By Daniel Farber, Center for Progressive Reform
Presidents control crucial government agencies with authority over the environment, food and drug safety, and workplace conditions. Through various environmental, health, safety, and other laws, Congress has given these agencies broad authority to issue rules and regulations that affect the lives of every American. But current law provides safeguards against arbitrary decisions – safeguards that Judge Brett Kavanaugh would weaken or eliminate if confirmed to the U.S. Supreme Court.
These safeguards are designed to promote public input and force agencies to disclose their evidence and reasoning to public scrutiny. Agencies must disclose proposed rules, obtain public comment, and then provide explanations of their decisions. As interpreted by the courts, this means an agency has to provide enough information to allow substantive comments, and it has to give a reasoned explanation for its decisions. But Kavanaugh seemingly wants to give agencies much more ability to hide the ball.
In a case called American Radio Relay League v. FCC, Kavanaugh advocated radical surgery on current safeguards. Briefly, the case involved a Bush-era FCC approval of a promising new technology for using power lines to supply broadband internet, which could result in radio interference. Based on studies by its staff, the FCC decided that a few simple precautions would prevent any serious interference. But it didn’t release the studies until it was sued under the Freedom of Information Act. And even when its decision was being reviewed by a court, it held back the portions that weren’t in its favor. Kavanagh thought this was just fine. In his view, an agency shouldn’t have to give any advance notice of its evidence. And even in court, he would allow it to cherry-pick what evidence goes into the record. Talk about “secret science”!
Kavanaugh was also willing to let the agency short-circuit its explanations and analysis. With regard to one key issue in the case – how quickly the radio interference decreased with distance from its source – the FCC simply borrowed a number that fit earlier technologies, even though opponents of the rule offered evidence that the technology in question was different. The FCC brushed off this evidence, saying only that it wasn’t conclusive enough. The lack of serious analysis was fine with Kavanaugh because FCC was making a “highly technical determination committed to the Commission’s expertise and policy discretion.” So, he thought, it was fine to rely on glib generalities without no real analysis.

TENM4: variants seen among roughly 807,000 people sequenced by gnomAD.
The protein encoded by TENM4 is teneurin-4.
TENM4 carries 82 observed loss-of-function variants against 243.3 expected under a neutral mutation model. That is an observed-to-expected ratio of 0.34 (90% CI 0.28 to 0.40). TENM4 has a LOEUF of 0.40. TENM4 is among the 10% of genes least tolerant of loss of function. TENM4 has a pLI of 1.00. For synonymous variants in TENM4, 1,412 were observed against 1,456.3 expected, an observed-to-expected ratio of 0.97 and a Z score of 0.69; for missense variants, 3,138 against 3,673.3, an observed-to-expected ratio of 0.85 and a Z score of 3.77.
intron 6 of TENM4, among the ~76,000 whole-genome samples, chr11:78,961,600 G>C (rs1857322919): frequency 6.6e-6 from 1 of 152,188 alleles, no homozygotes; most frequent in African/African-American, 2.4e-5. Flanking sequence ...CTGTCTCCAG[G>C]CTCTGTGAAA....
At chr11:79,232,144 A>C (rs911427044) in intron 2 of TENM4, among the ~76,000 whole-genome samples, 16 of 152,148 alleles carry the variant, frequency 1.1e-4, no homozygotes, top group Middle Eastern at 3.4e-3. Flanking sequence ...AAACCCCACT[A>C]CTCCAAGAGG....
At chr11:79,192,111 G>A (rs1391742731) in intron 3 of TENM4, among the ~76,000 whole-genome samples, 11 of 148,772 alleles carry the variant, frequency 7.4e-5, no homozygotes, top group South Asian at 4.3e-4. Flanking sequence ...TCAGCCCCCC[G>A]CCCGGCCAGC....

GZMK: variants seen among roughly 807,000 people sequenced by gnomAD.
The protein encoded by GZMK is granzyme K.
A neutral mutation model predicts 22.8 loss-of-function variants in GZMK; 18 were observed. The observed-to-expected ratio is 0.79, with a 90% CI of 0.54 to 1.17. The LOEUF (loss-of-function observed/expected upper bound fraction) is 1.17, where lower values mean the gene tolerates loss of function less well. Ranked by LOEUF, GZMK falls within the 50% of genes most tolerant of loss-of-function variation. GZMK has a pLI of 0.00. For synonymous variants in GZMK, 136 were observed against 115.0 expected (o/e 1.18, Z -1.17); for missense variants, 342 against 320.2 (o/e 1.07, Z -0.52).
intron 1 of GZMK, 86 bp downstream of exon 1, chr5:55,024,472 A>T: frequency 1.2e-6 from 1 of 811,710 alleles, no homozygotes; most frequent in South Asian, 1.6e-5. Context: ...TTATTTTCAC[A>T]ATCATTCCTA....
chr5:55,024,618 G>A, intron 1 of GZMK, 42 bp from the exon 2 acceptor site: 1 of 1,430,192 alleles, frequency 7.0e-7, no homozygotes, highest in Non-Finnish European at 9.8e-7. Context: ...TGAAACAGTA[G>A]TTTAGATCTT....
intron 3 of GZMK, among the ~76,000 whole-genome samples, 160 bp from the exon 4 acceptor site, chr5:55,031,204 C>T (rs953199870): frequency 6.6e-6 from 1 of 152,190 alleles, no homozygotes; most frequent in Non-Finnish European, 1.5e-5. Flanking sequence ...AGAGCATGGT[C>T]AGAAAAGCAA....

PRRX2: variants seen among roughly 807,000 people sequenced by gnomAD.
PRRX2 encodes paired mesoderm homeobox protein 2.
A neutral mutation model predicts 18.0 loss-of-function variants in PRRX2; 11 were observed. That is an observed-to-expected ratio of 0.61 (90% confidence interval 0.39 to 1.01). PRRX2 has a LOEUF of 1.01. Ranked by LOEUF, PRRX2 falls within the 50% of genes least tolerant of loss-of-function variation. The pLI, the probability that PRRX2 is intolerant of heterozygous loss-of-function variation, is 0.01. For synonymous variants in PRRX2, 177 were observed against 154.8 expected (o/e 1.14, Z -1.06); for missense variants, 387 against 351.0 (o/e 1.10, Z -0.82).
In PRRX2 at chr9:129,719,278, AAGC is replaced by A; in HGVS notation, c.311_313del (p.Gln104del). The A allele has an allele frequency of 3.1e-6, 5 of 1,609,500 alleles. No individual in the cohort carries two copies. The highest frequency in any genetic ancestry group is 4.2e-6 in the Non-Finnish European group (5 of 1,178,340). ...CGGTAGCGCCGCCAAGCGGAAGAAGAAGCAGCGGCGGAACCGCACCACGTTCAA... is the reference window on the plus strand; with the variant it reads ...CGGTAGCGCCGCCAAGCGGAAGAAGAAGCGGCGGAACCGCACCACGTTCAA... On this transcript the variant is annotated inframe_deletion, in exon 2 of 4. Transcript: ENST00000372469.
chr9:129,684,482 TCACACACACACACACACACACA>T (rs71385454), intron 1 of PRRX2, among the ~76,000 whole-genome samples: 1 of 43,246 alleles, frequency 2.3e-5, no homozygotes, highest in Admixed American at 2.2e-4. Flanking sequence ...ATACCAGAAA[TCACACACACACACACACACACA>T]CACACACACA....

Kavanaugh argued that the current law has made rulemaking cumbersome and slow. He complained that procedural safeguards hampered quick changes of policy due to new circumstances or changes in control of the White House. No doubt the rulemaking process could be streamlined. But Kavanaugh wanted to throw out the baby, the bathwater, and the tub, replacing a regime of public dialogue and reasoned decision-making with one of executive fiat.
Kavanaugh’s approach could transform the process of rulemaking across the executive branch. Adopting his approach could undermine public participation in decisions affecting the health, safety, and environment of millions of Americans. It would allow agencies to cherry-pick the evidence that supports their actions while ignoring the rest and would free them from subjecting their analysis to serious public scrutiny. We cannot afford to follow his lead and jettison crucial transparency and accountability protections.